The exterior walls of these stores on the second floor consist of trapezium-shaped bricks, giving the impression of a woven texture and echoing the rich textures of the baskets and beadwork in the collection. “The brick makes reference to the brick buildings of Johannesburg as well as [echoes] the textures of African craft. The extra brick skin also contributes to efficiency of the optimally controlled climate for the storage of the collection,” says Garson.

Wits and the architects have tried to be green-friendly. Besides the footprint of the old petrol station in the columns and balcony, sparkling blue tiles in the entrance foyer and along sections of the outer wall, inlaid with metal pegs from louvres that have been removed, have been retained. Brass discs have been added to the pegs, reminiscent of elements of beadwork in the collection.

Old chairs and benches have been refurbished, and give the gallery a trendy, retro feel.
This recycling of furniture was partly motivated by funding restrictions, admits Charlton. But the discipline of the restriction was a good exercise, she adds.

It was a good discipline for the architects, too. They say that a reduced budget and “the necessary ‘value engineering’ that followed allowed us to distil the design and give clear expression to the core design principals”. And those design principals were connecting Wits and the museum to the city, and ensuring the protection of the collection, in particular behind the “brick skin.”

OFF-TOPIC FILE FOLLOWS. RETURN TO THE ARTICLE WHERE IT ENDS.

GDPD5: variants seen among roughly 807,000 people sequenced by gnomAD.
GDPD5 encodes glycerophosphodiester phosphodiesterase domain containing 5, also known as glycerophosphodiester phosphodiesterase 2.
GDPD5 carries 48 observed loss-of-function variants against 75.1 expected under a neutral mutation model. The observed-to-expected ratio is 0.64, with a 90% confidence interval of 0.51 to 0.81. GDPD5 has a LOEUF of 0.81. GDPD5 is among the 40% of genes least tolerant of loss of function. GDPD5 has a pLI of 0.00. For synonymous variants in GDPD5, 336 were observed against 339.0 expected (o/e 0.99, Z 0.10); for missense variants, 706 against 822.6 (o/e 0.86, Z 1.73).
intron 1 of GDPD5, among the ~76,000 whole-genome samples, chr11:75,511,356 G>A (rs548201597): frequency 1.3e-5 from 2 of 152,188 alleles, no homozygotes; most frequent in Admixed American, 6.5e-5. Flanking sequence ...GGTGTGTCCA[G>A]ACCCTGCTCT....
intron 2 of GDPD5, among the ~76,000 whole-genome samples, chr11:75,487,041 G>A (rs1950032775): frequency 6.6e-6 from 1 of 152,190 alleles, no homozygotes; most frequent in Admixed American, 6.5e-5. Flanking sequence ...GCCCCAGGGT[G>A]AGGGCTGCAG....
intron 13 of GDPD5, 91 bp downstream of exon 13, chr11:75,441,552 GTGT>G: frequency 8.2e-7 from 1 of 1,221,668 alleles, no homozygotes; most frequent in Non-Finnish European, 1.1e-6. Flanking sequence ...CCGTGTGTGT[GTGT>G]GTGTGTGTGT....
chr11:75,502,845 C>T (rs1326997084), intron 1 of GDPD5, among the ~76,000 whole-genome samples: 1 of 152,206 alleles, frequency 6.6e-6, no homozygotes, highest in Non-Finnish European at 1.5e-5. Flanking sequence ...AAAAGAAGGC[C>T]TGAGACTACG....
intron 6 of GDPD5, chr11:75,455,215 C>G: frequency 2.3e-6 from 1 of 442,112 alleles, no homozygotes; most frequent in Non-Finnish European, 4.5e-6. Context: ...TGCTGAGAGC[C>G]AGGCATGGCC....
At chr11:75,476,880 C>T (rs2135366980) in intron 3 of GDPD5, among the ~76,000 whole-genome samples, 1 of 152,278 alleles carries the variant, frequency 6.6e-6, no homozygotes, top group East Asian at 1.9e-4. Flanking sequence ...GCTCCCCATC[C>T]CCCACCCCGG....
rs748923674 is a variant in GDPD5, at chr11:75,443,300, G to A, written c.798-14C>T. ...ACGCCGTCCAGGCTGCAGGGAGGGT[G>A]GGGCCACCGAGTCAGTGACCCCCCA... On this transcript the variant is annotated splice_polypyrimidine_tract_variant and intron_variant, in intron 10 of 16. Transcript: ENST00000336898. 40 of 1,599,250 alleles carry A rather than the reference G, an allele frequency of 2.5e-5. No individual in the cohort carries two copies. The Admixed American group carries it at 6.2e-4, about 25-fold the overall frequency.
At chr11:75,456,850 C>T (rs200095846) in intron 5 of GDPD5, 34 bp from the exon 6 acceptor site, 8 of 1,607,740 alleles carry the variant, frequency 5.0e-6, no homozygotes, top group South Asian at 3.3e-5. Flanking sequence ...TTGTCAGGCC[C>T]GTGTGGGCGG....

Some aspects were not compromised, though. The goods lift was the most expensive item, says Charlton, while the climate control mechanism is world class.

The building contractors were brought on board before the architects were finished with their designs, a unique way feature of the conversion. This meant that the contractors’ input was incorporated into the design, reining it in a bit but producing a result that makes everyone happy.
“It has been a design choice, not only a cost issue. We have fallen in love with what we have,” smiles Charlton.

Standing behind the glass facing on to Jorissen Street, with its bustling traffic and constant stream of pedestrians, the museum exudes tranquillity. “It’s a calm space. It is conducive to display and artwork,” she adds.

And when asked what gives them the most satisfaction with the finished product, Garson says: “The public interaction with the building and the expressive brick container.”

And as an added bonus, Garson and Cohen have just won the architecture category in the Absolut VISI Designer of the Year awards for WAM. The awards were held in Cape Town on 2 March.